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Supplier and food producers are feeling the pain of the long and brutal supermarket price war in what recovery specialist Begbies Traynor said was a “savage landscape”.

The firm’s Red Flag Alert research, which monitors the financial health of UK companies, showed that the number of companies making food and beverages suffering from ‘significant’ distress was now 1,414 businesses, compared with 728 at the same stage last year – a jump of 94%.

Begbies Traynor also warned it was the SME food suppliers which were being “flattened” in the UK retail food industry, as ‘significant’ distress among this group of businesses increased by 120% year on year, from 574 SMEs to 1,267.

The likes of Tesco and Morrisons have passed their pain down the food chain, with main suppliers putting off payments to companies that in turn supply them.

“These mass price reductions have severe consequences for less established food retailers and suppliers, particularly SME’s, who now seem to be locked in a David and Goliath-style battle — although this time it appears David can’t win,” Begbies Traynor partner Julie Palmer said.

“With £1 deals for fresh produce goods such as bread and milk remaining a firm feature at the major supermarkets, it’s no wonder that suppliers lower down the food chain are struggling to achieve a fair price for their produce.”

Morning update

Tesco is set to unveil its worst-ever performance in its almost 100-year history this week, which Clive Black of Shore Capital has said will be a “horror show” at a statutory level. The supermarket chain will also have to raise more cash to fill a £5bn black hole in its pension fund, according to a former Tesco adviser. JP Morgan Cazenove, Tesco’s corporate broker until 2013, said it found it difficult to believe that Tesco could continue to drive volumes, improve margins and pay down debt simultaneously without raising capital. “The most obvious solutions Tesco could opt for in order to strengthen its balance sheet are … either in the form of asset disposals or a potential share placing.” There has been much speculation in the City about whether Tesco CEO Dave Lewis will prefer to raise the money by selling off assets such as Dunnhumby and Giraffe or plump for a rights issues. Lewis and Tesco are expected to reveal a loss for the year of between £4bn and £5bn thanks to falling sales, a £263m accounting scandal, a huge pension deficit and a massive write down of the company’s property estate, which analysts are tipping to come in at about £4bn. However, the results will mark an end to the retailer’s most miserable year on record and let Lewis get on with delivering his turnaround plan.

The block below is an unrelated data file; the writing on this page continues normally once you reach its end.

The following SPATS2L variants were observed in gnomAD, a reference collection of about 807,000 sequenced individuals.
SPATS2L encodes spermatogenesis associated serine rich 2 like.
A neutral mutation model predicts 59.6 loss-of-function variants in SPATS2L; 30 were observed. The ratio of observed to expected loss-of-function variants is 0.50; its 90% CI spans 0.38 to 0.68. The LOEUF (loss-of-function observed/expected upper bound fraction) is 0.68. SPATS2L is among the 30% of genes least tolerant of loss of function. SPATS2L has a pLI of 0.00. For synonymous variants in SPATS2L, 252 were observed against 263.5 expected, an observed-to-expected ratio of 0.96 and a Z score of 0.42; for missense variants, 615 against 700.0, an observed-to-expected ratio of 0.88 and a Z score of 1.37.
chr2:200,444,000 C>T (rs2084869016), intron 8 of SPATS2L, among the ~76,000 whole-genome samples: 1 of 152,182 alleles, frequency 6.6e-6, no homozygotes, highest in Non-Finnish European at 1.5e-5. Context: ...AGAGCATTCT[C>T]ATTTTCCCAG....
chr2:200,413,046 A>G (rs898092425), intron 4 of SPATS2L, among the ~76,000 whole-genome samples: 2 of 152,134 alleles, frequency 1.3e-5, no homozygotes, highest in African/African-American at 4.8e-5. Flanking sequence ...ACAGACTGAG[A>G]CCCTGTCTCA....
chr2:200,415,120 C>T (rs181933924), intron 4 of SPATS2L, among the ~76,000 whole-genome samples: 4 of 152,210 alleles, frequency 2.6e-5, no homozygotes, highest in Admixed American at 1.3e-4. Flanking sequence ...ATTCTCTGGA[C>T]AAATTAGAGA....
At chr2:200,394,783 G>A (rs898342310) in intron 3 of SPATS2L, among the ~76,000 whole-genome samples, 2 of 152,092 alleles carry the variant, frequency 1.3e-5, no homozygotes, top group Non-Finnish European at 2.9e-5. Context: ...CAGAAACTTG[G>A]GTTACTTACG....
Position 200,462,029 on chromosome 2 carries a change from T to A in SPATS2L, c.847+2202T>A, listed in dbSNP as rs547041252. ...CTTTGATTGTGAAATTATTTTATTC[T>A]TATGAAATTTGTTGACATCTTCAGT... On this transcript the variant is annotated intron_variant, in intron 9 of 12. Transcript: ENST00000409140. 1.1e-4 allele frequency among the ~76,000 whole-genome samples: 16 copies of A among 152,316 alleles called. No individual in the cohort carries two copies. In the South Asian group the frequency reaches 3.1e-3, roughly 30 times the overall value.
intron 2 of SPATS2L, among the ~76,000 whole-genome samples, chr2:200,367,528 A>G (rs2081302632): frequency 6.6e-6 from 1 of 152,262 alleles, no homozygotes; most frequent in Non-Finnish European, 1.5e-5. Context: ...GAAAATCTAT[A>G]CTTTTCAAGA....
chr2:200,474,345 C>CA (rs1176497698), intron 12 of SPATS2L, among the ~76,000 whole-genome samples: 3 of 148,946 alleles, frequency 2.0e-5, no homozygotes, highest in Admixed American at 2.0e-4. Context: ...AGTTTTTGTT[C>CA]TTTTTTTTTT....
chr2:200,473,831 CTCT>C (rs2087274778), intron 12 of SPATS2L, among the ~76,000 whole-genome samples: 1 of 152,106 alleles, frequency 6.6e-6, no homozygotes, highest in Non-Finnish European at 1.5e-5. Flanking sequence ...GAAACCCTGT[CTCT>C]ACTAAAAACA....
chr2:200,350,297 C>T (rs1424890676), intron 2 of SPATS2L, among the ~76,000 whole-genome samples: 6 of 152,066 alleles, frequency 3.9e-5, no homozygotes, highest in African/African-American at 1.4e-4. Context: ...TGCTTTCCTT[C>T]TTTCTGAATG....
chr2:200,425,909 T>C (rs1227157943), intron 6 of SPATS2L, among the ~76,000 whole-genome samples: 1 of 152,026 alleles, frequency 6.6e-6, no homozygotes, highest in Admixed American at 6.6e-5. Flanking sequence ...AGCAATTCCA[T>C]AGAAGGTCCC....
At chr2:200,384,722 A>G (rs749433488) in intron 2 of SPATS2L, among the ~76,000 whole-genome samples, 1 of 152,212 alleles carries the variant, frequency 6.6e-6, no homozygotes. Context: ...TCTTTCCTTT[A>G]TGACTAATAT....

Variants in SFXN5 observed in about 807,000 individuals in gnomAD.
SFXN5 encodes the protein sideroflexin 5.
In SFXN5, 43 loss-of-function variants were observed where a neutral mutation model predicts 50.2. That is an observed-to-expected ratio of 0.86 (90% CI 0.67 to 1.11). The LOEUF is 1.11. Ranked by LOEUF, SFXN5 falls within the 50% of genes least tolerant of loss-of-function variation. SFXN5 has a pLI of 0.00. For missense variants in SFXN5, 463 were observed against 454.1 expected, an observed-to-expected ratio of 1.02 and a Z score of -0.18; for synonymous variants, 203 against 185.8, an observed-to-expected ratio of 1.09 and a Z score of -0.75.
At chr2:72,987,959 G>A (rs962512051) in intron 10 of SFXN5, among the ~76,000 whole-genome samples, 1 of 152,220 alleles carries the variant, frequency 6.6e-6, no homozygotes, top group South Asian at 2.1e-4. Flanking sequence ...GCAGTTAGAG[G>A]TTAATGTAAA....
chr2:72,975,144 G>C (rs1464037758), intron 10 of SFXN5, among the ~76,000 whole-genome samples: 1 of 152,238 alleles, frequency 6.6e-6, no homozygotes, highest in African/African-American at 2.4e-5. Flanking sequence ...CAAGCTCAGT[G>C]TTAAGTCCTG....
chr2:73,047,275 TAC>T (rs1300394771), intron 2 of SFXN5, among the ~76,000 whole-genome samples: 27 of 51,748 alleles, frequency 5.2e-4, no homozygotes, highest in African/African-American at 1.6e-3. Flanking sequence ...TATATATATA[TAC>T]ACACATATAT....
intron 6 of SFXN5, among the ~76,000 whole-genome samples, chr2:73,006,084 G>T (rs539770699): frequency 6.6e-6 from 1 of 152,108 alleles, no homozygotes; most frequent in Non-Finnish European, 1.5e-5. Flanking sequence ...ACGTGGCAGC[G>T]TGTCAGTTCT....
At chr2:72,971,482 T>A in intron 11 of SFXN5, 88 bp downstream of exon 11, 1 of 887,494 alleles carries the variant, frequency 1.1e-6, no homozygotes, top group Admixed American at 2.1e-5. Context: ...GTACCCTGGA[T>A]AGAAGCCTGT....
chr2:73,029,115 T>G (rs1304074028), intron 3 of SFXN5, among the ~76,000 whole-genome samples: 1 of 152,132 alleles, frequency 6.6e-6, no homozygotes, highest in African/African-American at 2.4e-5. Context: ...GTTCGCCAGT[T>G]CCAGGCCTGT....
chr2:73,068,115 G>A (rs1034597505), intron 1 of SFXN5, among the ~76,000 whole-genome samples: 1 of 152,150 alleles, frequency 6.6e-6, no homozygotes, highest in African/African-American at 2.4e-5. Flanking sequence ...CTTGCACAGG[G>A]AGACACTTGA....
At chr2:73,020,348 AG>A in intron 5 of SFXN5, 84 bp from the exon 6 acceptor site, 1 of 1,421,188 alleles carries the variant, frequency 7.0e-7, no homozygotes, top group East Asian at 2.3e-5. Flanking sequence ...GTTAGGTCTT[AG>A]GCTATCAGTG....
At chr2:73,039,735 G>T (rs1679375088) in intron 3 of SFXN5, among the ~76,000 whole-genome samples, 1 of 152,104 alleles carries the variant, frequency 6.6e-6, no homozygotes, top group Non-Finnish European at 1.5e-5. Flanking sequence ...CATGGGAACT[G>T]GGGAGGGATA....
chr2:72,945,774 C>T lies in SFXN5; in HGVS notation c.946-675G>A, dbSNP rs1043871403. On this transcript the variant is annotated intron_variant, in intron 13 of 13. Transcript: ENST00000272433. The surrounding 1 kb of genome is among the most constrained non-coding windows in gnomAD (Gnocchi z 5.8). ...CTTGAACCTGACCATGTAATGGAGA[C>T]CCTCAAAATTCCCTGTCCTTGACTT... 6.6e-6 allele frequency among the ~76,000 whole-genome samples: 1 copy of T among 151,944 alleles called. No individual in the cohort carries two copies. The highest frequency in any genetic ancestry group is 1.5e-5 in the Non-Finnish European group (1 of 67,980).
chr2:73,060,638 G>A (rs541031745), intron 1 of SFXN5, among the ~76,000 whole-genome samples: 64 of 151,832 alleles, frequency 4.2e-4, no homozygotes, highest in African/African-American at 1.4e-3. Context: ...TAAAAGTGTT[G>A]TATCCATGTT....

Birds Eye owner Iglo is set to be gobbled up by Nomad Foods for €2.6bn, according to people familiar to the matter. Martin E Franklin and Noam Gottesman, the consumer goods tycoons that set up Nomad a year ago, have agreed to take over Iglo from private equity group Permira, The Financial Times has reported. The expected deal, which could be announced as early as today, would be the latest transaction in a series in Europe as boardroom confidence grows.